The following is a guest post by Senior Cataloging Specialist Sharon McKinley.
Elias Howe (July 9, 1819-Oct. 3, 1867) was the recipient, in 1846, of the first American patent for a sewing machine using a lockstitch design. The new machines revolutionized the garment industry, giving rise to sweatshops, and ultimately to the International Ladies Garment Workers Union, founded in 1900. This important union, with a predominantly female membership, provided many social benefits for its members: amenities from housing to sports teams to English classes were organized for interested workers.
Howe’s birthday may not seem like fodder for a music blog, although we have featured sewing machine sheet music in the past. But in 1937 the International Ladies Garment Workers Union produced Pins and needles, a revue spoofing a wide variety of topical subjects. The performers were rank-and-file union members, with a two-piano band. The venue was the Princess Theatre, which also served as a union hall. Rehearsals and early performances were held at night and on weekends — you had to be really dedicated to spend all your free time performing in a show!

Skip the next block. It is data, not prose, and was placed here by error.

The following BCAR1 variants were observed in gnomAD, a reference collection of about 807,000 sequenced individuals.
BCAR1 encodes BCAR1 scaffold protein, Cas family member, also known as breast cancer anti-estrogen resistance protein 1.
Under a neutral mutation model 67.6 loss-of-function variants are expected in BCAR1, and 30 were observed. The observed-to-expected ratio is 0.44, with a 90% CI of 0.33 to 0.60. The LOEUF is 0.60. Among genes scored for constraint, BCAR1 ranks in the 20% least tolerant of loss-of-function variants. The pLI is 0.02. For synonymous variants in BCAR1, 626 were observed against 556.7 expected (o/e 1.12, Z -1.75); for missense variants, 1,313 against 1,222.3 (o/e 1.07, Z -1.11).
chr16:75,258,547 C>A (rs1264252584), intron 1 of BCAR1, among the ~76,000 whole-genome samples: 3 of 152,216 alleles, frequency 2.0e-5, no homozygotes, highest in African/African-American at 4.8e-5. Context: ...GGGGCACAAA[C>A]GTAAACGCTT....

Pins and needles was a great hit, running for 1108 performances and enabling many of the performers to quit their day jobs. The material was updated regularly. According to John Kenrick’s Musicals101, “Pins and Needles is the only hit ever produced by a labor union — and the only time when a group of unknown non-professionals brought a successful musical to Broadway.” And with music and lyrics by Harold J. Rome, how could it fail? Its hummable tunes and catchy lyrics made this Rome’s first hit show. There have been revivals right up to the present day, as well as a television special, and a 25th-anniversary studio recording featuring Barbra Streisand. Some of the songs went on to lasting renown. “Sing me a song with social significance” has had a long and successful recording history; Streisand is probably the most notable performer.
Our featured number is “It’s better with a Union man : Bertha, the sewing machine girl,” in which an innocent seamstress fights off the advances of the evil boss, and the superiority of the union man is extolled. So, remember to “look for the union label” — I can still sing the jingle!